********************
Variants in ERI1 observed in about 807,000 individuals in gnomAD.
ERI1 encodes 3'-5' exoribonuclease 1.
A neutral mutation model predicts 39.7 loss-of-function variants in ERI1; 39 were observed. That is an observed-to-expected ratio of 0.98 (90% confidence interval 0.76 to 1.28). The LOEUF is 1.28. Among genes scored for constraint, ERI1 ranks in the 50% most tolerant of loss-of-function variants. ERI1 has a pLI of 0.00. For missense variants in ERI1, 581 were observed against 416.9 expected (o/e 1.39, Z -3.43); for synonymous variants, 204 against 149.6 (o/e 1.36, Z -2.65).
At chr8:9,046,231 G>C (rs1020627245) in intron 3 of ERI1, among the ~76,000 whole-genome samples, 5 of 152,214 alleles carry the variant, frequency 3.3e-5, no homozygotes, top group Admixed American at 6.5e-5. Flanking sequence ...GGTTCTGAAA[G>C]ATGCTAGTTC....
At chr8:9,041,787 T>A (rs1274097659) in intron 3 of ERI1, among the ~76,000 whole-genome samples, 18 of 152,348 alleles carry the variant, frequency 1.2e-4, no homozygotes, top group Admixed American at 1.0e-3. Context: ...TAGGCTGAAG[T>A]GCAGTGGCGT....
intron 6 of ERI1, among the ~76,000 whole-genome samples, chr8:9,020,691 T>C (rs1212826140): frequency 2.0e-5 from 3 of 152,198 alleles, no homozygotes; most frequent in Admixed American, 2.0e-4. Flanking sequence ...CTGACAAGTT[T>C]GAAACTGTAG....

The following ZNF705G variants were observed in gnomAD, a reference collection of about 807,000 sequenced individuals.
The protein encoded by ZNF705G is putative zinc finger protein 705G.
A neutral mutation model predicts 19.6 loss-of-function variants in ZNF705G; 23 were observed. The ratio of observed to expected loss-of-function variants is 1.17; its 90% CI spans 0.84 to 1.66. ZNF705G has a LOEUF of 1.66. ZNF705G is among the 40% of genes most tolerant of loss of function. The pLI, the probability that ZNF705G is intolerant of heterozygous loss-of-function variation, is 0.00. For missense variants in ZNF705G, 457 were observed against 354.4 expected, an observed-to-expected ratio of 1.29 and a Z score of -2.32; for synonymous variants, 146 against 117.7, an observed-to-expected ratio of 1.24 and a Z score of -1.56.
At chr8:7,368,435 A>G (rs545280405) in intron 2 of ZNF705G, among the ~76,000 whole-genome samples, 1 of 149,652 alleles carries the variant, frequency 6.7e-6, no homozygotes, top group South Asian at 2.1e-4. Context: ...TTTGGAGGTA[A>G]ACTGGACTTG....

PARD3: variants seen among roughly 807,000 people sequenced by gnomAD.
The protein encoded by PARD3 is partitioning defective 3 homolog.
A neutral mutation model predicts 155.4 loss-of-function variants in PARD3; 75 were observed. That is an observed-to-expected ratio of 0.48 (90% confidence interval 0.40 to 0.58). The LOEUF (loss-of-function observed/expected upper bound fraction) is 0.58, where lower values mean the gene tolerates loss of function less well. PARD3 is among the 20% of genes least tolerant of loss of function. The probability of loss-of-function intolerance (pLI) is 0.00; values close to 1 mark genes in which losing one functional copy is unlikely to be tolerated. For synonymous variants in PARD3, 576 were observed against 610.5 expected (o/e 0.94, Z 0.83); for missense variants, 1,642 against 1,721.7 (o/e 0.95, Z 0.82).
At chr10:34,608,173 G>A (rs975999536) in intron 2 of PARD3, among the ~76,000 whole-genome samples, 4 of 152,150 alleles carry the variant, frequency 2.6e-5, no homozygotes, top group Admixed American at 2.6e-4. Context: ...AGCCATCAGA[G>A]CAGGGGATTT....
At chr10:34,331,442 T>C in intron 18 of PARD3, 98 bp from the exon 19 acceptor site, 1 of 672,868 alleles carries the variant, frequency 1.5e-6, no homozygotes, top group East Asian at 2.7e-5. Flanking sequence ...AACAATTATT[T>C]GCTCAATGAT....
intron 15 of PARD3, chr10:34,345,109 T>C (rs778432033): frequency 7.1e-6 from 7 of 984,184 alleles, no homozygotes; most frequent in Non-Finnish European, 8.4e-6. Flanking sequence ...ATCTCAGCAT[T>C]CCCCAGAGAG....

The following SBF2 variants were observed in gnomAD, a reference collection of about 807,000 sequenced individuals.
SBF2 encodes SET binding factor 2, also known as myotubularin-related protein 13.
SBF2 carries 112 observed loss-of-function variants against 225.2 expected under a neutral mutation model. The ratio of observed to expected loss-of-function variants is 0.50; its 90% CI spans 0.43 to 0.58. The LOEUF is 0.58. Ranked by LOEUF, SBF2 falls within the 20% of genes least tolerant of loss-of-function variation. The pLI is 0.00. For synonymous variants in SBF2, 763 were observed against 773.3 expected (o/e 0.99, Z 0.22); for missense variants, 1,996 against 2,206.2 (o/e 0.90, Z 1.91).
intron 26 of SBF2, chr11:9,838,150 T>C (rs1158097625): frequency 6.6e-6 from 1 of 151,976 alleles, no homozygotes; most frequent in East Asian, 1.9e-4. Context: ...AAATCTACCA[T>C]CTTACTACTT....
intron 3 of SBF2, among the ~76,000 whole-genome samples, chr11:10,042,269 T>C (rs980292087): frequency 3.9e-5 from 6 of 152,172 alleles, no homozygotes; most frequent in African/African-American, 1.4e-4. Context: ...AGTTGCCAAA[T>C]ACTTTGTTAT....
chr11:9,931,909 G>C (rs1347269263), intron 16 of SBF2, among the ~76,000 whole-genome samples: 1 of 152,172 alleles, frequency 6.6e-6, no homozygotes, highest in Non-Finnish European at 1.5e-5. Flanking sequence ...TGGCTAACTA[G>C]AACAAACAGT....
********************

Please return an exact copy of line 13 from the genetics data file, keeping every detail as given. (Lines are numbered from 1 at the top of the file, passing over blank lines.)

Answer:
A neutral mutation model predicts 155.4 loss-of-function variants in PARD3; 75 were observed. That is an observed-to-expected ratio of 0.48 (90% confidence interval 0.40 to 0.58). The LOEUF (loss-of-function observed/expected upper bound fraction) is 0.58, where lower values mean the gene tolerates loss of function less well. PARD3 is among the 20% of genes least tolerant of loss of function. The probability of loss-of-function intolerance (pLI) is 0.00; values close to 1 mark genes in which losing one functional copy is unlikely to be tolerated. For synonymous variants in PARD3, 576 were observed against 610.5 expected (o/e 0.94, Z 0.83); for missense variants, 1,642 against 1,721.7 (o/e 0.95, Z 0.82).